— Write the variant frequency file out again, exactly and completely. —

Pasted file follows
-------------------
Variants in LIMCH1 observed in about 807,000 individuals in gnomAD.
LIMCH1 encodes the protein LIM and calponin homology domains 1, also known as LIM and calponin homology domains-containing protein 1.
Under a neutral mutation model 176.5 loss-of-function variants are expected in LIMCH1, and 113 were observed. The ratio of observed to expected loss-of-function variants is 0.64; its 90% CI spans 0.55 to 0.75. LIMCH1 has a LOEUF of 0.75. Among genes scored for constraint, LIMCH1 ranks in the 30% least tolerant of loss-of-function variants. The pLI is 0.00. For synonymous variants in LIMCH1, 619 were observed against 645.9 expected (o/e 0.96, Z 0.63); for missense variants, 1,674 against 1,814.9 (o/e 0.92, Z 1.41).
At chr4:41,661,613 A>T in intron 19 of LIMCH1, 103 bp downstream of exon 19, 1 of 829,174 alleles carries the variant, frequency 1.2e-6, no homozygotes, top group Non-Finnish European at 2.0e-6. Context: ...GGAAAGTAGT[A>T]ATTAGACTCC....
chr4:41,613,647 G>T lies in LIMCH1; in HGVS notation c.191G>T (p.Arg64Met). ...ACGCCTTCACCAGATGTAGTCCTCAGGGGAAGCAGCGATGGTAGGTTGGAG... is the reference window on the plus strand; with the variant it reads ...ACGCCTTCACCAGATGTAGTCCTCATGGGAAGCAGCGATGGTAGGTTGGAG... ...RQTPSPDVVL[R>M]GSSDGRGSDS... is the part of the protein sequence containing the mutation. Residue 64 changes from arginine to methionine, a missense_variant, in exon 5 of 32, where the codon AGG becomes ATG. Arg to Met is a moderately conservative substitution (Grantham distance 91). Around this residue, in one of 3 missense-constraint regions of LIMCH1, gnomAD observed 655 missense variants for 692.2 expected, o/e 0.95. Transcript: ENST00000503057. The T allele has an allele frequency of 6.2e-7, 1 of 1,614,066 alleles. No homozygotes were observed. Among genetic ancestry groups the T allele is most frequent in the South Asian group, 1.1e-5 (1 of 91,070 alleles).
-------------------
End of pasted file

Variants in LIMCH1 observed in about 807,000 individuals in gnomAD.
LIMCH1 encodes the protein LIM and calponin homology domains 1, also known as LIM and calponin homology domains-containing protein 1.
Under a neutral mutation model 176.5 loss-of-function variants are expected in LIMCH1, and 113 were observed. The ratio of observed to expected loss-of-function variants is 0.64; its 90% CI spans 0.55 to 0.75. LIMCH1 has a LOEUF of 0.75. Among genes scored for constraint, LIMCH1 ranks in the 30% least tolerant of loss-of-function variants. The pLI is 0.00. For synonymous variants in LIMCH1, 619 were observed against 645.9 expected (o/e 0.96, Z 0.63); for missense variants, 1,674 against 1,814.9 (o/e 0.92, Z 1.41).
At chr4:41,661,613 A>T in intron 19 of LIMCH1, 103 bp downstream of exon 19, 1 of 829,174 alleles carries the variant, frequency 1.2e-6, no homozygotes, top group Non-Finnish European at 2.0e-6. Context: ...GGAAAGTAGT[A>T]ATTAGACTCC....
chr4:41,613,647 G>T lies in LIMCH1; in HGVS notation c.191G>T (p.Arg64Met). ...ACGCCTTCACCAGATGTAGTCCTCAGGGGAAGCAGCGATGGTAGGTTGGAG... is the reference window on the plus strand; with the variant it reads ...ACGCCTTCACCAGATGTAGTCCTCATGGGAAGCAGCGATGGTAGGTTGGAG... ...RQTPSPDVVL[R>M]GSSDGRGSDS... is the part of the protein sequence containing the mutation. Residue 64 changes from arginine to methionine, a missense_variant, in exon 5 of 32, where the codon AGG becomes ATG. Arg to Met is a moderately conservative substitution (Grantham distance 91). Around this residue, in one of 3 missense-constraint regions of LIMCH1, gnomAD observed 655 missense variants for 692.2 expected, o/e 0.95. Transcript: ENST00000503057. The T allele has an allele frequency of 6.2e-7, 1 of 1,614,066 alleles. No homozygotes were observed. Among genetic ancestry groups the T allele is most frequent in the South Asian group, 1.1e-5 (1 of 91,070 alleles).